There were no statistically significant differences between total plication and partial fundoplication for postoperative morbidity, oesophagitis, heartburn, acid reflux, the proportion of patients experiencing a good or excellent long-term outcome, or Visick I or II score. The only statistically significant heterogeneity was for acid reflux (p<0.05).

Authors' conclusions

Partial fundoplication was a safe and effective alternative to total fundoplication for gastro-oesophageal reflux disease, which resulted in significantly fewer reoperations and a better functional outcome. The poor quality of the included trials should be taken into account when interpreting of the results of this meta-analysis.

CRD commentary

The review addressed a clear research question. The inclusion criteria were adequate. The search was adequate, but there were no attempts to locate unpublished material, so relevant studies may have been missed. It was unclear if any language restrictions were applied, so the review may be subject to language bias. The authors did not report using methods designed to reduce reviewer bias and error at any stage of the review process.

Trial quality was assessed using an appropriate tool. Brief details of the included trials were provided. As there was no information on patient characteristics, and follow-up periods varied greatly, it was unclear if it was appropriate to pool the trials together in a meta-analysis.

The authors’ conclusion represented the evidence available. However, limited reporting of review methods and trial details, and the generally poor quality of the included trials, mean the reliability of the authors' conclusions is unclear.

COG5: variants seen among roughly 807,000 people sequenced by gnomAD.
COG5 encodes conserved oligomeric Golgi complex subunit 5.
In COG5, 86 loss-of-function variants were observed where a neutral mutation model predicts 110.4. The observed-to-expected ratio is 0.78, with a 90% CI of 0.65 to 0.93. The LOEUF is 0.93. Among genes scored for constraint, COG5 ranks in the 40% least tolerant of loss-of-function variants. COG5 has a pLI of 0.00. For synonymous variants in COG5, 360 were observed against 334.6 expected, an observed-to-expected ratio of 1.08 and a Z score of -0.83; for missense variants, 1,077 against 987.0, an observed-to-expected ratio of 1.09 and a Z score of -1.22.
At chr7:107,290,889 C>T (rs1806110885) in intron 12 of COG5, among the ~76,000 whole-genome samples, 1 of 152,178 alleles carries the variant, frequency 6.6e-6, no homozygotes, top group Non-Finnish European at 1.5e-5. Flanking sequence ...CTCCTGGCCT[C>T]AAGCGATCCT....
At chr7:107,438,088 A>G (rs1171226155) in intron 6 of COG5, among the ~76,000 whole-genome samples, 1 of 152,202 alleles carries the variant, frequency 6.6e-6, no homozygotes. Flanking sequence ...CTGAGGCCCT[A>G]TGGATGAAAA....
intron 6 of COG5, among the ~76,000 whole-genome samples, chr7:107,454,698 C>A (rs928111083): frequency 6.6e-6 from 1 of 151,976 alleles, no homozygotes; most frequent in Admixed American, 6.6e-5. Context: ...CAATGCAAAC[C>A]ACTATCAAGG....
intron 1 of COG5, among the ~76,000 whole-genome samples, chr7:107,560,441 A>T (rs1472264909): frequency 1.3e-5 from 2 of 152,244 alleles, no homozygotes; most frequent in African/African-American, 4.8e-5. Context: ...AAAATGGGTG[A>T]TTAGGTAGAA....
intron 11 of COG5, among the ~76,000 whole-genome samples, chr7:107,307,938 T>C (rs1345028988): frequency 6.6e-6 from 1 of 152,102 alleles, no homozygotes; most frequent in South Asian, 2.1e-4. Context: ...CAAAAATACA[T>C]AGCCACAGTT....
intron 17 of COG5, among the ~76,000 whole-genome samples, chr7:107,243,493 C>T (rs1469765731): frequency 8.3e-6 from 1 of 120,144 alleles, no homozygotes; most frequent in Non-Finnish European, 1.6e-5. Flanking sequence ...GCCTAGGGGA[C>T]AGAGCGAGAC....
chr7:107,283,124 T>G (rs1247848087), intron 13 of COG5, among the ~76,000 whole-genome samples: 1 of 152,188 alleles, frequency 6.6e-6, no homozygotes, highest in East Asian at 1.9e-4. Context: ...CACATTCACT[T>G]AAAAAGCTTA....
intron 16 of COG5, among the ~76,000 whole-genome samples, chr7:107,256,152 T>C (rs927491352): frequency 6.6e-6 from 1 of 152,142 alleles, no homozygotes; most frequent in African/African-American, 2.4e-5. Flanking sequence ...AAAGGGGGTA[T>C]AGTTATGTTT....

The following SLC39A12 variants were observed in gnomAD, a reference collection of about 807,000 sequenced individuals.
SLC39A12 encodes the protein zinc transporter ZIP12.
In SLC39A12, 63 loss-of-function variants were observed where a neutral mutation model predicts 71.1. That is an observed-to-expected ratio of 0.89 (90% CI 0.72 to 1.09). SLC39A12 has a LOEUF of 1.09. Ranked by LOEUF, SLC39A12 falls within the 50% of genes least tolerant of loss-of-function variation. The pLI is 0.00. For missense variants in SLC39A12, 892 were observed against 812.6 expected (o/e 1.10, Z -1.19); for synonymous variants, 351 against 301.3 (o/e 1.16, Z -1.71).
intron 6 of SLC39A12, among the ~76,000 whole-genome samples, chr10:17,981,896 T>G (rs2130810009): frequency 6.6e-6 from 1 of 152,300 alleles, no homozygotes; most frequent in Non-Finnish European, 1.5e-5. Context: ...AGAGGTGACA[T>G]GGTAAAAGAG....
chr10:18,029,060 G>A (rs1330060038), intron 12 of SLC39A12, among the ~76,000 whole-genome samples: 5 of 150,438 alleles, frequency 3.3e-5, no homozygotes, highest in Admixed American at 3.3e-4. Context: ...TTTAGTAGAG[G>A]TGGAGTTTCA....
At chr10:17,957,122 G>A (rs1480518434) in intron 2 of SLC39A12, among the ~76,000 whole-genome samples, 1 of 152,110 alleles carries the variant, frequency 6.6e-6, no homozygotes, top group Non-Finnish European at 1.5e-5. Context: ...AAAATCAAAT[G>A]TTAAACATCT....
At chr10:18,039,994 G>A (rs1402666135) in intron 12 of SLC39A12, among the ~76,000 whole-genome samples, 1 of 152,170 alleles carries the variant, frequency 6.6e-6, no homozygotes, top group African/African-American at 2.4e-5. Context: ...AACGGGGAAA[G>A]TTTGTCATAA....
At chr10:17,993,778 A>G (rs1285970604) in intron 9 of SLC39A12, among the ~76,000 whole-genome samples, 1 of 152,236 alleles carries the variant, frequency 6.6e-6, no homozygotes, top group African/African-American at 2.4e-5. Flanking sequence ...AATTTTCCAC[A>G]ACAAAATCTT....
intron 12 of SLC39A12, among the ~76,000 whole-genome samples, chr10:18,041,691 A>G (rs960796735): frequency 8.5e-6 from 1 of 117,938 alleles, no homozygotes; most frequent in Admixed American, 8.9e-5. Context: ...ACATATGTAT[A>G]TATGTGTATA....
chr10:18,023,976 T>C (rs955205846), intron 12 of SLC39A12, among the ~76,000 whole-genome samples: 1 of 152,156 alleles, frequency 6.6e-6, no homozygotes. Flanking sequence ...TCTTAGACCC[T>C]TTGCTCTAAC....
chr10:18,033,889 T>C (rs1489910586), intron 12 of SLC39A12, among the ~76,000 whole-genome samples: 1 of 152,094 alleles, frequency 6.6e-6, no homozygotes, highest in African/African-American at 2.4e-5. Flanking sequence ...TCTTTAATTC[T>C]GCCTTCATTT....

Implications of the review for practice and research

Practice: The authors stated that decisions about surgical treatment for gastro-oesophageal reflux disease should take into account the evidence, surgeon's experience and patient characteristics.

Research: The authors stated that large scale multicentre randomised trials, including objective outcome assessment, will be required to definitely establish the value of partial versus total fundoplication.

Funding

Not reported.

Bibliographic details

Varin O, Velstra B, De Sutler S, Ceelen W. Total vs partial fundoplication in the treatment of gastroesophageal reflux disease: a meta-analysis. Archives of Surgery 2009; 144(3): 273-278. [PubMed: 19289668]

Indexing Status

Subject indexing assigned by NLM

MeSH

Fundoplication /adverse effects /methods; Gastroesophageal Reflux /surgery; Humans; Randomized Controlled Trials as Topic; Treatment Outcome

AccessionNumber

12009104378

Database entry date

02/02/2011

Record Status

This is a critical abstract of a systematic review that meets the criteria for inclusion on DARE. Each critical abstract contains a brief summary of the review methods, results and conclusions followed by a detailed critical assessment on the reliability of the review and the conclusions drawn.

CRD has determined that this article meets the DARE scientific quality criteria for a systematic review.

Copyright © 2014 University of York.

PMID: 19289668